Today’s world is a fast paced, digital one and barely a week goes by without the release of a new digital device or app.
As discussed in my previous blog, children are growing up surrounded by this new technology and, as such, are heavily reliant on technology for entertainment, communication and information. The impact that technology, artificial intelligence and automation is having in today’s workplace is huge. Children need to be taught skills to prepare them for the technological advances of the future.
George (2019) notes that schools and teachers will be at the forefront of teaching children these skills and that teachers must ensure that “disadvantaged pupils with low basic skills” are given the chance to “climb the ladder of opportunity”. This is an important point and it is imperative that all children benefit from the teaching of these skills and that social justice and the attainment gap in school is monitored to ensure that disadvantaged children are not falling behind in these teachings.
In week two of the digital technologies module we had the opportunity to explore the benefits of programmable toys within the classroom and found that they can have a positive impact on the pupils. As well as being highly engaging, programmable toys can improve a child’s sense of direction as the children need to distinguish from left, right, forwards and backwards. Programmable toys within the classroom also have the benefit of developing children’s thinking and learning skills and can help to stimulate problem-solving skills (Janka, 2008).
Janka (2008) also suggests that introducing programmable toys at an early age, is a good time for developing knowledge and understanding in this ever-changing world of technologies. Digital technologies is now heavily embedded in the Curriculum for Excellence and it is evident that it will play a major part in children’s learning. Educators are now realising that it does not take long for children to grasp how programmable devices work, according to Lydon (2007).
I have the benefit of having several years of classroom experience and because of this I am aware of several programmable toys which can be used to enhance learning within the classroom, including Bee-Bot, Robot Mouse and Botley the Coding Robot. These are all similar devices whereby the user can program the device to make a series of movements; forwards, backwards, turn left and turn right and the device will follow the sequence which has been input. These types of devices are suited to early and first level learners as they are simple coding devices which are, for most learners, easy to use. To use these devices with second level learners I would ask them to design their own resource for the device to use as this would challenge them more than simply using the device to code. This would allow them to develop and enhance their creativity and problem-solving skills whilst refreshing their simple coding skills.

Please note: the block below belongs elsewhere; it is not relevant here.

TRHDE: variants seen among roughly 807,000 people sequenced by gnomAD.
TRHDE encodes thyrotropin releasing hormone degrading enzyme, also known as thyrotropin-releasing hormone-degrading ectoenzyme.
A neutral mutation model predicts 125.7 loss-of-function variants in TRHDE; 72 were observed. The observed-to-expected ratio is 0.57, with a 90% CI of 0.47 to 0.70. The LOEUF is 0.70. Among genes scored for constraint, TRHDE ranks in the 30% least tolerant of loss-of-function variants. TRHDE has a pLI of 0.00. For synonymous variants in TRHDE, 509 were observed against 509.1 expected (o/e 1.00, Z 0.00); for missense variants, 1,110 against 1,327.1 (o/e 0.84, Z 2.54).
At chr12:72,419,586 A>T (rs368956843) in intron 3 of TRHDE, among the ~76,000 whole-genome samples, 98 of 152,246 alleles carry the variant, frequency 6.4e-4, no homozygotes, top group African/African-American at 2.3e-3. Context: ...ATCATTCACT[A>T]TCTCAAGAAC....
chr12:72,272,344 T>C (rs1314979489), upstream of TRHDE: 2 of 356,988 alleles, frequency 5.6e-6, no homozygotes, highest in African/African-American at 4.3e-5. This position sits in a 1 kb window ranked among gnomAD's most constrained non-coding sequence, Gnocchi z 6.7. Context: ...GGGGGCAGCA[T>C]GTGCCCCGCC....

The specific device that we looked at today was Bee-Bot. Bee-Bot is very aesthetically pleasing and, from experience, children really engage in their activities when using it. I have found Bee-Bot to be a very engaging and exciting device for young learners, when Bee-Bot was used in my classroom experience the children were always very excited about it and eager to problem solve and get Bee-Bot to where it needed to be.
Bee-Bot is an excellent device for learners who have additional needs and need more concrete materials to aid their learning, non-verbal children can participate with Bee-Bot as there are no verbal commands used to allow it to function and the large buttons and simple design are ideal for users with poor motor skills. Bee-Bot is great to use with very young children as number and letter recognition is not needed.
Bee-Bot is a small robotic device that looks like a bumblebee. It has four directional buttons on top; forwards, backwards, left and right which are coloured red, a green “Go” button in the centre of the directional buttons and two blue oval buttons, pause and clear, placed symmetrically with the backwards button between them. The Bee-Bots that I have used in the classroom have always had symbols representing pause and clear, however, I am aware that some Bee-Bots have the words “pause” and “clear” printed on the buttons, this could pose a problem for children who are unable read. To overcome this problem, I would use stickers of the symbols to stick over the words “pause” and “clear” on the Bee-Bot.